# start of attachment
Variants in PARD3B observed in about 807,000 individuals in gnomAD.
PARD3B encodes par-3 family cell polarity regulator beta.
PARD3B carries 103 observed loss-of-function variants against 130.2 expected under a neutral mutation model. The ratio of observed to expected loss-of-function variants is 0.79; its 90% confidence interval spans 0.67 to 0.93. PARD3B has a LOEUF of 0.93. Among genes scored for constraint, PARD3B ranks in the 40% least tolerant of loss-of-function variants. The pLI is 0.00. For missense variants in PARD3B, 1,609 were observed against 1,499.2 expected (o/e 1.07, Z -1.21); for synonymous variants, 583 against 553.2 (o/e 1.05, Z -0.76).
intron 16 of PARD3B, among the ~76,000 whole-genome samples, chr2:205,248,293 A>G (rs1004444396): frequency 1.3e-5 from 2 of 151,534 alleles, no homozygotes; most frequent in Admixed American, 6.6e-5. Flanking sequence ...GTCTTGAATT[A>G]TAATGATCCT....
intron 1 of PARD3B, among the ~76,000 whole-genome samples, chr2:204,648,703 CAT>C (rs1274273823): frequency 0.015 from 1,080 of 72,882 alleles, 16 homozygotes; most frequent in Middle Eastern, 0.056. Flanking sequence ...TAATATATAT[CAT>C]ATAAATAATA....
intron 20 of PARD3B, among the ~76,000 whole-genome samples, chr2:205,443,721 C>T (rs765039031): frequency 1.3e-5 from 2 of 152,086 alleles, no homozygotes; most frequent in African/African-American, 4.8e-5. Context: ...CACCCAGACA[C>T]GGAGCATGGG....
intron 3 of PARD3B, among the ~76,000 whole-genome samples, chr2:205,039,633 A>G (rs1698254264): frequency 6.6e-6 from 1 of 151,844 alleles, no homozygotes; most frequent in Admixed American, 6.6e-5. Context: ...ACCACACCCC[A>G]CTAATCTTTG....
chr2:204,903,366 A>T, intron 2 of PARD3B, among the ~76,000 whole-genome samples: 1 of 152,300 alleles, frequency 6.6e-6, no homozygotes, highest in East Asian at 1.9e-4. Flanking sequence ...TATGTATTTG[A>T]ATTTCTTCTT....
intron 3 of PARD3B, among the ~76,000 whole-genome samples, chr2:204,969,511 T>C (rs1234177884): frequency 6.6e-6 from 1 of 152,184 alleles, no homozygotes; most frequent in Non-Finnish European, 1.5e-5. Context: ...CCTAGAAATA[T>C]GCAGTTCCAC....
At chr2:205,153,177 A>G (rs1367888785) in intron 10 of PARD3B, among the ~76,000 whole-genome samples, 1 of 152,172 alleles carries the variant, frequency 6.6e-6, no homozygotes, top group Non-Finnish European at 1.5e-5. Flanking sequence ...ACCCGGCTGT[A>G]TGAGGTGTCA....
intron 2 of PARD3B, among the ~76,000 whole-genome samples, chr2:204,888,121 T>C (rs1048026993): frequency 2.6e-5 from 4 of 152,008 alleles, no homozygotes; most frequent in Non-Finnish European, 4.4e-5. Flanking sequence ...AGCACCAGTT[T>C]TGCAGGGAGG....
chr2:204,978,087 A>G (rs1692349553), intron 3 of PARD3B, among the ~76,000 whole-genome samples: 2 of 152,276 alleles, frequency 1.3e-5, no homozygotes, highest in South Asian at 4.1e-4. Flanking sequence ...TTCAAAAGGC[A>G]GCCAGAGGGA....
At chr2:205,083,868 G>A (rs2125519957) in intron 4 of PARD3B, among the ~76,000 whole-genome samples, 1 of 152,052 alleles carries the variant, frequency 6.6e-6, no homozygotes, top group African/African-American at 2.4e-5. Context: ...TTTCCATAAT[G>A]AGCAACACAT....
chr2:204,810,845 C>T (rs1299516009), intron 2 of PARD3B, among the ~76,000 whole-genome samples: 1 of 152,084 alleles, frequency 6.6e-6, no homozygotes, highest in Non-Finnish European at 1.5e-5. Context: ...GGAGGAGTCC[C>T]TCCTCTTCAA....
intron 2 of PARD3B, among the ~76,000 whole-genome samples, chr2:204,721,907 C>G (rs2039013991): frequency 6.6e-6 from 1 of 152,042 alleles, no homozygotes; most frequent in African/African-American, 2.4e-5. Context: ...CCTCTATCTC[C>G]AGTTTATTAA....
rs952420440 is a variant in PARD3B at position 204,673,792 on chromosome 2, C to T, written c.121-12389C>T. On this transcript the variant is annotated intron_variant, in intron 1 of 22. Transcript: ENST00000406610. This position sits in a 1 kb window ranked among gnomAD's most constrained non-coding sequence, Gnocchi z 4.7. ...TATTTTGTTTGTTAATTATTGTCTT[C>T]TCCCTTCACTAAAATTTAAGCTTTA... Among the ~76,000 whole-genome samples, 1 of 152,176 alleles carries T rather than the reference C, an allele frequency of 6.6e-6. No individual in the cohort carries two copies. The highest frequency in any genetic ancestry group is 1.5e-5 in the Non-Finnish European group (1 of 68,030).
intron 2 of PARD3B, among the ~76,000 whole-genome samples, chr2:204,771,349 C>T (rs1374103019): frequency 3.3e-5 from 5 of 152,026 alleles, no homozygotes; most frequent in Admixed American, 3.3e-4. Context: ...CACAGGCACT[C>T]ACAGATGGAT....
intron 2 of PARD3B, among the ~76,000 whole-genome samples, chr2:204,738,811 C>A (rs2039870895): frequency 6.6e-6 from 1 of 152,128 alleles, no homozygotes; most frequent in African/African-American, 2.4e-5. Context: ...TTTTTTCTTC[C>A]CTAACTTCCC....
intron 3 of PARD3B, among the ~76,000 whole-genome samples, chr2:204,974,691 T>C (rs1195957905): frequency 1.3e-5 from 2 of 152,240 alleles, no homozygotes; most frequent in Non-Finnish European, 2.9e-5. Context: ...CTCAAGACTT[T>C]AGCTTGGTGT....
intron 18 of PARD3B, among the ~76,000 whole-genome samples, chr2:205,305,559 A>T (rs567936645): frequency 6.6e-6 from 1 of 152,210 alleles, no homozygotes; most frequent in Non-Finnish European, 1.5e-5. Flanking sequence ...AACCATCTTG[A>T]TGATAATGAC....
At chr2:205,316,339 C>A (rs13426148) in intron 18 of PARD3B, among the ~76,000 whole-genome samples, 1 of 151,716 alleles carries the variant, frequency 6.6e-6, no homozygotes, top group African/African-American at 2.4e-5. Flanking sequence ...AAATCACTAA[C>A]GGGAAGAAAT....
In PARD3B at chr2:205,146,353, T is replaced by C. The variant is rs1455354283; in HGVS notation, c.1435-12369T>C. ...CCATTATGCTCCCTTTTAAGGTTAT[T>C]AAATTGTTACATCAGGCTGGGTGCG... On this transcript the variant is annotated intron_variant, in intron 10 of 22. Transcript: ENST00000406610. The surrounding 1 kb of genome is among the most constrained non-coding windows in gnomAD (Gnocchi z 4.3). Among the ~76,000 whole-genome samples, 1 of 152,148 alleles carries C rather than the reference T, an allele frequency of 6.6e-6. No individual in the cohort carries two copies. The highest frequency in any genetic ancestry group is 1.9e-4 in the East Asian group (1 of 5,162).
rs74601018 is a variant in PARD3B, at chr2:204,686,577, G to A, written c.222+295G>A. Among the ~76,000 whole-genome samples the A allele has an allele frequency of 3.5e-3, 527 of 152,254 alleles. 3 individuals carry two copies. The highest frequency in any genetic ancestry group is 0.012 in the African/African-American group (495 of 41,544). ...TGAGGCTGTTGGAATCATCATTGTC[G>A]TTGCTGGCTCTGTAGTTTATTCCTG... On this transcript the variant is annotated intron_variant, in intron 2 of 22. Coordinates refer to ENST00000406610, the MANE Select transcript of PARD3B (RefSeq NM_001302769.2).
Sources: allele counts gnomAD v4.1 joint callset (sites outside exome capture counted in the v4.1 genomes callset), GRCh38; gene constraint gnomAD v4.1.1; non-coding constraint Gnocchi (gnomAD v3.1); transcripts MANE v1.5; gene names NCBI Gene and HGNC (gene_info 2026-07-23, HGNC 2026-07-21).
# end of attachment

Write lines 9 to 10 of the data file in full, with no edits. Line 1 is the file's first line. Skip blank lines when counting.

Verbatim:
intron 3 of PARD3B, among the ~76,000 whole-genome samples, chr2:204,969,511 T>C (rs1234177884): frequency 6.6e-6 from 1 of 152,184 alleles, no homozygotes; most frequent in Non-Finnish European, 1.5e-5. Context: ...CCTAGAAATA[T>C]GCAGTTCCAC....
At chr2:205,153,177 A>G (rs1367888785) in intron 10 of PARD3B, among the ~76,000 whole-genome samples, 1 of 152,172 alleles carries the variant, frequency 6.6e-6, no homozygotes, top group Non-Finnish European at 1.5e-5. Flanking sequence ...ACCCGGCTGT[A>G]TGAGGTGTCA....